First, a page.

Random TV Watching

I’ve been catching up on Tivo the past few nights, killin’ time until Battlestar Galactica (AKA the Best Show on TV) starts back up again in January. For those of you missing out, I’m not talking about the campy 80’s tv series…I’m talking about the new series running on the SciFi Channel here in the States.

Numb3rs — Produced by Scott Free Productions, this show is nominally about math theory being used to solve FBI crimes. My favorite part is when the math guy describes how a particular theory can be used to predict behavior or reveal some hidden pattern behind a case. Like a Fourier analysis being used to discovery frequency patterns in seemingly random crime times, or Flocking behavior used to backtrack to find the central node in a Meth lab distribution network. I’m not quite sure if these are practically applied in real life—this is sort of explained away by the math guy’s prodigy status—but the theory is presented with awesome computer graphics. Not surprising since Scott Free has produced films under the Jerry Bruckheimer banner like Enemy of the State; they’re well known for their shiny FX-laden productions. Scott Free Productions, incidentally, is comprised of Ridley Scott and his brother Tony Scott…you may have heard of Blade Runner, Alien, Gladiator from Ridley, and slightly lesser-known films like Top Gun from Tony. So yup…production values are pretty high on the show. The plotting is a little odd…doesn’t really have much snap to it. Some terrible technical dialog…I’m not sure if the math theory is any better, or if the equations they scribble on the blackboards are real.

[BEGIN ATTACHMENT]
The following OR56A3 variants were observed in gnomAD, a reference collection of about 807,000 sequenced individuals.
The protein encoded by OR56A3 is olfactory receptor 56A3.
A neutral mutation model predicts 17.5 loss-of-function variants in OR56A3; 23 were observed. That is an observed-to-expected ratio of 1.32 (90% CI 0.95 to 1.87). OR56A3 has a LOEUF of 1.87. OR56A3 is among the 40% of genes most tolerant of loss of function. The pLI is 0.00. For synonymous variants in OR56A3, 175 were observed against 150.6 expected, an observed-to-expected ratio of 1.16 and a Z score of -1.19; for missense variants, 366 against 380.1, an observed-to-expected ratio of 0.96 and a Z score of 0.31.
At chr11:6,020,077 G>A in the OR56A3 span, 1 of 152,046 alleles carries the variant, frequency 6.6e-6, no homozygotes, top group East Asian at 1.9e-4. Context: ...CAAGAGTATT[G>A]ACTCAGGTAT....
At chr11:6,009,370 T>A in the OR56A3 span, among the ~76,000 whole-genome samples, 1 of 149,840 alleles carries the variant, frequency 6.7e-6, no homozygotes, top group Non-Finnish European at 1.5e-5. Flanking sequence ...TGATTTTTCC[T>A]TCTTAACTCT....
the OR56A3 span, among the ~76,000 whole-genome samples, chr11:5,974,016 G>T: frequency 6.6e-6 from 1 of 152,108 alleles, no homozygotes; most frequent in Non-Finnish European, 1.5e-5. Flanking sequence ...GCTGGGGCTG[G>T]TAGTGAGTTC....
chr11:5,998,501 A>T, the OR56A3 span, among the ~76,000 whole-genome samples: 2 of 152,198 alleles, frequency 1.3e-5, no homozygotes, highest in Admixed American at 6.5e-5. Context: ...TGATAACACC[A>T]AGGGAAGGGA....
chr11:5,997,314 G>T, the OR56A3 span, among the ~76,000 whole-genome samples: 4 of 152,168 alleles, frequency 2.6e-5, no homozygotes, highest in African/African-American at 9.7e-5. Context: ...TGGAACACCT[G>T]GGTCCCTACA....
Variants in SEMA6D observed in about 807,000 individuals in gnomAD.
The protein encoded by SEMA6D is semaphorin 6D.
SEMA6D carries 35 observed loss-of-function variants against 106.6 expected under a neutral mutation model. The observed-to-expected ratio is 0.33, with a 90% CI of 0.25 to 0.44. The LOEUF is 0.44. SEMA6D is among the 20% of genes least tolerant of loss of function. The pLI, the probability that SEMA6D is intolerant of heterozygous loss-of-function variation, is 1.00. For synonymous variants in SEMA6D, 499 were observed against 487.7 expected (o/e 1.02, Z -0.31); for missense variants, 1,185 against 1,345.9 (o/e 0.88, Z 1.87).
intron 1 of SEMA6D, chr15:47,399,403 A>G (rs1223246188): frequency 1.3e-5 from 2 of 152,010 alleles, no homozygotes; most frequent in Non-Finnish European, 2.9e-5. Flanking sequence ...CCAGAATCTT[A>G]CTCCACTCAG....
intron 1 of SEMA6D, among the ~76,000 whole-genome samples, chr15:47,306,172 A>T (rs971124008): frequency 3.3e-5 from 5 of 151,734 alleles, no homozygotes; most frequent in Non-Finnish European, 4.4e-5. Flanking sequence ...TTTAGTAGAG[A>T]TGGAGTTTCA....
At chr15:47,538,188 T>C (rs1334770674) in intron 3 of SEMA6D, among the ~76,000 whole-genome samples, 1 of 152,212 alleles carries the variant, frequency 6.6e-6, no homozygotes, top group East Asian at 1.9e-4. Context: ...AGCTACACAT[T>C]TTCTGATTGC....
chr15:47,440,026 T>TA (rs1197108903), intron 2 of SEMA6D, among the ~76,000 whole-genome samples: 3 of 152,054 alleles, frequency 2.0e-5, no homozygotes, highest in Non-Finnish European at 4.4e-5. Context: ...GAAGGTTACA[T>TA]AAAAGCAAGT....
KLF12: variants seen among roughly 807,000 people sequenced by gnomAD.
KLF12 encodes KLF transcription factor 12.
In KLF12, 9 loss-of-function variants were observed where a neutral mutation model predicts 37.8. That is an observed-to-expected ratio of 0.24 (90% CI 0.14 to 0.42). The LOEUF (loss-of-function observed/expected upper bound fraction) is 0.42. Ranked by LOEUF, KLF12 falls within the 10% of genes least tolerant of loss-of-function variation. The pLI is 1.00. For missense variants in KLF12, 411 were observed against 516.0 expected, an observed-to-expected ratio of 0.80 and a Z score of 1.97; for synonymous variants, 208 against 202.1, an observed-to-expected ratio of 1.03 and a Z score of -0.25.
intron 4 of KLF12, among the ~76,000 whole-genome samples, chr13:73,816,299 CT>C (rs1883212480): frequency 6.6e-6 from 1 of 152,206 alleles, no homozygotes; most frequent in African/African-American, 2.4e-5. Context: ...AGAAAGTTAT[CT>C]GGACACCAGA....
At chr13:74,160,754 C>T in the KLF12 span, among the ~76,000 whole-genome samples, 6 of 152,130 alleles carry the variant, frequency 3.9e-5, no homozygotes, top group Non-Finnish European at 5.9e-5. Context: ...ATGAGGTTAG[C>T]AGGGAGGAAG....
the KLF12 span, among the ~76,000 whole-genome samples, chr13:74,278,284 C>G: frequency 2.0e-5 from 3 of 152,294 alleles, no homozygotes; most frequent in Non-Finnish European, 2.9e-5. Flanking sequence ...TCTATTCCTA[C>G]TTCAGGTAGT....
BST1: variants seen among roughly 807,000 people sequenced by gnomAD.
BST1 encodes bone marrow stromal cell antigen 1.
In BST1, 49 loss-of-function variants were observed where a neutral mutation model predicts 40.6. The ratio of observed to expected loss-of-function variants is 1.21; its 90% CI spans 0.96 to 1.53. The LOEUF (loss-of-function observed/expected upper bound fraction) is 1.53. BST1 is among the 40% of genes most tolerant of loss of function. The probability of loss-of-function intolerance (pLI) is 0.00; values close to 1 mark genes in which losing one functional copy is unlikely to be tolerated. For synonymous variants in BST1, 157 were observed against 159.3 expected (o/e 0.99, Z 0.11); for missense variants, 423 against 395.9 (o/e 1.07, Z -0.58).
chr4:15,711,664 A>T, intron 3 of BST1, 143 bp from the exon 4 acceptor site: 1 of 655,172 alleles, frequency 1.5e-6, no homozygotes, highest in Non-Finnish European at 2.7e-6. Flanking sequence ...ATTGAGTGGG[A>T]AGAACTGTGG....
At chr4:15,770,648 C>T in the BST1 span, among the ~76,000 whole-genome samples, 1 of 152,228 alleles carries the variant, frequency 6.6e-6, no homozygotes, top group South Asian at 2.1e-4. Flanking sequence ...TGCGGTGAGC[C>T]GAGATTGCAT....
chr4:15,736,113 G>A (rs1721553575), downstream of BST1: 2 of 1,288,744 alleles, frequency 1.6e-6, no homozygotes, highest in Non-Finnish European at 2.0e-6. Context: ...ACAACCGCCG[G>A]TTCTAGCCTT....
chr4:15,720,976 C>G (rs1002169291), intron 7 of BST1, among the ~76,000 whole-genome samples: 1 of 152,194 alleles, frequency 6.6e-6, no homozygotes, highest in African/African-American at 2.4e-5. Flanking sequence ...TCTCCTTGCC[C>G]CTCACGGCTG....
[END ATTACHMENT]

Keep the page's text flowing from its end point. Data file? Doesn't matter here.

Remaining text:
Prison Break — I was originally fascinated by the premise: some dude is framed for an assassination by scary organization, smart younger brother concocts elaborate scheme to get into same prison and bust him out from the inside. More murder, and violence ensue. It reminds me a bit of Oz, 24, and MacGyver swished together. The last episode I watched may have turned me off for good though…I get easily tired by sudden switches of plot device to draw out the story. I feel like I’m watching an elaborate set of dominoes being knocked down.

Ghost in the Shell: Stand Alone Complex — This one is animated, and I’ve talked about it before The Cartoon Network has started showing the second season (called “2nd Gig”), and the animation has improved slightly so we don’t see as many horrifically distorted views of Kusanagi. Unfortunately, her outfits are still really really horrible, to the point that I wonder if it’s part of her character. However, between the first and second seasons, there were are few notable episodes that actually moved me far more than either Prison Break or Numb3rs. And the themes are far more interesting that the two movie versions’ yawn-inducing plotting; Stand Alone Complex is much more like the manga (comic book), and more accessible. The manga, at times, is pretty confusing if you don’t already have an interest in politically-motivated military action, robotics, and cognitive science.

If only the voice dubbing had a little more crispness to the delivery. Some of the themes about human-machine interfacing, politics, and artificial intelligence are pretty cool. It’s no Battlestar Galactica

That’s been about it. I’ve seen a couple issues of Monk, which I enjoy for Tony Shaloub’s portrayal of his obsessive compulsive detective. I also accidentally saw some episode of JAG that was remarkably cheesy…for some reason I thought it would be like Law and Order or something more dramatic.

I should just stop watching TV until January. Sigh.